$4.2 Million judgment for Maine widow in forklift case

Personal Injury, Product Liability

U.S. District Court, District of Maine, Portland

A $60 part could have saved Tom Brown’s life. Instead, Brown was pinned between a shelving unit and the dashboard of his forklift at Prime Tanning Company in Sanford, Maine, where he had worked since 1976. He suffocated to death. That afternoon, Aug. 1, 2001, Brown was supposed to go home and celebrate the 30th anniversary of meeting his wife and high school sweetheart, Claire.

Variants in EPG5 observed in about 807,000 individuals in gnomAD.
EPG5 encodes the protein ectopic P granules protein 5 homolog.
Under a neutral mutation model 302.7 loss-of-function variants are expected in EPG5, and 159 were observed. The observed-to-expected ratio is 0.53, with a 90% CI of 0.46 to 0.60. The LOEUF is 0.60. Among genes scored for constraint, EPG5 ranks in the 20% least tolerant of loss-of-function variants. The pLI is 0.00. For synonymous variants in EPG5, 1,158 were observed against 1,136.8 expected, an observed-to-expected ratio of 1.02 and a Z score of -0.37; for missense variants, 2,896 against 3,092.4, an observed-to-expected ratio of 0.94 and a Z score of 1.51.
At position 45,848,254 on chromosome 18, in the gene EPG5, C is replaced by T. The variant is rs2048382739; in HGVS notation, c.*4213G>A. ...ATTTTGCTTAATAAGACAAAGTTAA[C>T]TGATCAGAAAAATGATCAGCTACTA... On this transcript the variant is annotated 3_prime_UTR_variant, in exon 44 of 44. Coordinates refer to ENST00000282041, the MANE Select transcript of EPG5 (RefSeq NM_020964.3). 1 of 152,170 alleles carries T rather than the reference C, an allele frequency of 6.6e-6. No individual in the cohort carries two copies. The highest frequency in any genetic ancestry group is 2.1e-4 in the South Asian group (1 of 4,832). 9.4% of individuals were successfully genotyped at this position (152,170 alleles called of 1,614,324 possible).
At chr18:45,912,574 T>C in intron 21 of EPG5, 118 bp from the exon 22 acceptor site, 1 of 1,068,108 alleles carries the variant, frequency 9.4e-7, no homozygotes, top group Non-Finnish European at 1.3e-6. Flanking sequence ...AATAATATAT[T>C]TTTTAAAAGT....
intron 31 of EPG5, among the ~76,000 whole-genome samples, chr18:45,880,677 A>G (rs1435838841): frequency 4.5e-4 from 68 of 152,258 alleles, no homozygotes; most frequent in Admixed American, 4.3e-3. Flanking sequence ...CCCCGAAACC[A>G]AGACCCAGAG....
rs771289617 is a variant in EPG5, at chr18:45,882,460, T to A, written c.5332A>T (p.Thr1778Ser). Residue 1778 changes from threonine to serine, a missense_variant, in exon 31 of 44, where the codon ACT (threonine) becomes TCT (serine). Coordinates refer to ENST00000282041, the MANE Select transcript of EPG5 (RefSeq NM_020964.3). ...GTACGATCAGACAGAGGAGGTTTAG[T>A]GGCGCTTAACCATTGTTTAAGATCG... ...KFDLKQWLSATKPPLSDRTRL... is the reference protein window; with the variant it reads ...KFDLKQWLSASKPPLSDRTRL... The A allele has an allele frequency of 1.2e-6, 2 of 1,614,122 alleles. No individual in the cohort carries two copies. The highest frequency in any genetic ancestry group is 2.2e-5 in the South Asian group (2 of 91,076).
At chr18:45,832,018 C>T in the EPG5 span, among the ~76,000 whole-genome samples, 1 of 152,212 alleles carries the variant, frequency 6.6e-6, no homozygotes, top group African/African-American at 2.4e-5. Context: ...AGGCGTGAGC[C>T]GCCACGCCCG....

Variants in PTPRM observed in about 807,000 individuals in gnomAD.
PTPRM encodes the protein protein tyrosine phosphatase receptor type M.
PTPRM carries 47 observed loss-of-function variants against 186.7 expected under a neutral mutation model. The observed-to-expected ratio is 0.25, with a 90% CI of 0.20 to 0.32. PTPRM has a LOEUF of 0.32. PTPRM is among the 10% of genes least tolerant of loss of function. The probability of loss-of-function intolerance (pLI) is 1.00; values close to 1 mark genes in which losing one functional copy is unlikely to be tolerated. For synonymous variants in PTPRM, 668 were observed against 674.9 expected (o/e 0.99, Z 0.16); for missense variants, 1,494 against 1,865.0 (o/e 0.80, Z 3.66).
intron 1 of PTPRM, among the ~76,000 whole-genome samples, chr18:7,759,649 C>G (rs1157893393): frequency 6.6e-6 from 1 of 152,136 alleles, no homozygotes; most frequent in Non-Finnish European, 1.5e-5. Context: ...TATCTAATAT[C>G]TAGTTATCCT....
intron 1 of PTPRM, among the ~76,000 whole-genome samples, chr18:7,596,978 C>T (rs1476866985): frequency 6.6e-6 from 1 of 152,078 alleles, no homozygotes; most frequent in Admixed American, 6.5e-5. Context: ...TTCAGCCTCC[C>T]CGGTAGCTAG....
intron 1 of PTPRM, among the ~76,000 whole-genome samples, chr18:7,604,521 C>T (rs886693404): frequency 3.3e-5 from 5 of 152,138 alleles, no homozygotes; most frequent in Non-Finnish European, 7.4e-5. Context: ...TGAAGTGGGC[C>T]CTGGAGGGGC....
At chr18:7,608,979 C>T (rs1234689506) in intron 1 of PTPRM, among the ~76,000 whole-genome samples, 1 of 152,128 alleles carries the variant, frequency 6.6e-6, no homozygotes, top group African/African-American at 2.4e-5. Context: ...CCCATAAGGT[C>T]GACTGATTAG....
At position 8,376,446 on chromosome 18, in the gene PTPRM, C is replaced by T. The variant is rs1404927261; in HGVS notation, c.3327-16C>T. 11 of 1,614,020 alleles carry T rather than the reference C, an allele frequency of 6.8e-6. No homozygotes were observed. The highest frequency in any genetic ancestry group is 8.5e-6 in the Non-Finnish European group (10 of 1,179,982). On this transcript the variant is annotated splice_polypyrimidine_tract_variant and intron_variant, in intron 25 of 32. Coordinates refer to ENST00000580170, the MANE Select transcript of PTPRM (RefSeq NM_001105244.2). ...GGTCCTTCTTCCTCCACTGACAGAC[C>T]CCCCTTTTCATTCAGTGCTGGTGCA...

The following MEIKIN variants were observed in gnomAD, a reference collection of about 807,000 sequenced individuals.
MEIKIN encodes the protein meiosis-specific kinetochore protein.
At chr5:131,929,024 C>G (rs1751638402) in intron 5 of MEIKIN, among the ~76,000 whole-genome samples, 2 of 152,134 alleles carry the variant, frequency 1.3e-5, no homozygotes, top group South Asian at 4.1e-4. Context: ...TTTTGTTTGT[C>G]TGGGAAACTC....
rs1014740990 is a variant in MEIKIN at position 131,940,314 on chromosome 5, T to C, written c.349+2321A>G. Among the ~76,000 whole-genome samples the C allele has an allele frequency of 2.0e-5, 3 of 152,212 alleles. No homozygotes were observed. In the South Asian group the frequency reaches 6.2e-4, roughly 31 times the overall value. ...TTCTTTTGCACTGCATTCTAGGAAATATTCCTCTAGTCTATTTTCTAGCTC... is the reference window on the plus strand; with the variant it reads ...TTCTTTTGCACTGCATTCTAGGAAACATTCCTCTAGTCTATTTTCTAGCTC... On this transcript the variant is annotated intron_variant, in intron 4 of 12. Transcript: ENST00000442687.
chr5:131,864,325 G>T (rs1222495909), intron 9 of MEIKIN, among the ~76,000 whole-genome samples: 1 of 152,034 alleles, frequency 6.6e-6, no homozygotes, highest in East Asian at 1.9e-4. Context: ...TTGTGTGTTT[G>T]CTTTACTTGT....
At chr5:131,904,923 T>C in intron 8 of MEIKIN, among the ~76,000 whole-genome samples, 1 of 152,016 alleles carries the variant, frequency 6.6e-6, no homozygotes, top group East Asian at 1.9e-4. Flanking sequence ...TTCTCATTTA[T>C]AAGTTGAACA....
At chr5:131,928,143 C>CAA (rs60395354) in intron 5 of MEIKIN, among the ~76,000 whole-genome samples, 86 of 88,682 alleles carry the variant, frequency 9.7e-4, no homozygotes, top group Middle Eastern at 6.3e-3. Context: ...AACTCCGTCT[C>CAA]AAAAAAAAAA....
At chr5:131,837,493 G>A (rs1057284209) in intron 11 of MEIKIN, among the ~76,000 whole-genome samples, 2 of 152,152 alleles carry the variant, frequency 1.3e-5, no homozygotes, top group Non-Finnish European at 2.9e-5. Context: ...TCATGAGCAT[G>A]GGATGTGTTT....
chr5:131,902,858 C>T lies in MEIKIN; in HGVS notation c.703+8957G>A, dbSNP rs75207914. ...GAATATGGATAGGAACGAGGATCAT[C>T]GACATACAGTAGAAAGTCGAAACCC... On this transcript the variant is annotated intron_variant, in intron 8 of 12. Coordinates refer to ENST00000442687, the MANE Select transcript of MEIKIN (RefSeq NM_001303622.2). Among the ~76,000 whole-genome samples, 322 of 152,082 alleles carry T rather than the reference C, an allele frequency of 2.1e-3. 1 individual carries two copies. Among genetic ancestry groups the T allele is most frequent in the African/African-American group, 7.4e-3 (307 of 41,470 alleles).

Attorney Terry Garmey represented Claire Brown in a case against Crown Equipment Corp., which manufactured the forklift. At the trial in federal court in Portland, Maine, in August of 2006, Garmey demonstrated that Crown knew of 10 other deaths and 90 serious injuries caused in the same manner as Brown – all of which might have been prevented with installation of a rear safety guard. Crown did not adequately warn operators and companies that had purchased the equipment.

“Crown was on notice that this machine was a serial killer. Period,” Garmey said. “For years they had a don’t-ask-don’t-tell policy for saving lives.”

The jury awarded $4.2 million to Claire, including damages for loss of spousal companionship, and loss of Tom Brown’s future earnings. The amount was lowered to $1.5 million because the state of Maine caps the amount plaintiffs may receive for loss of companionship.

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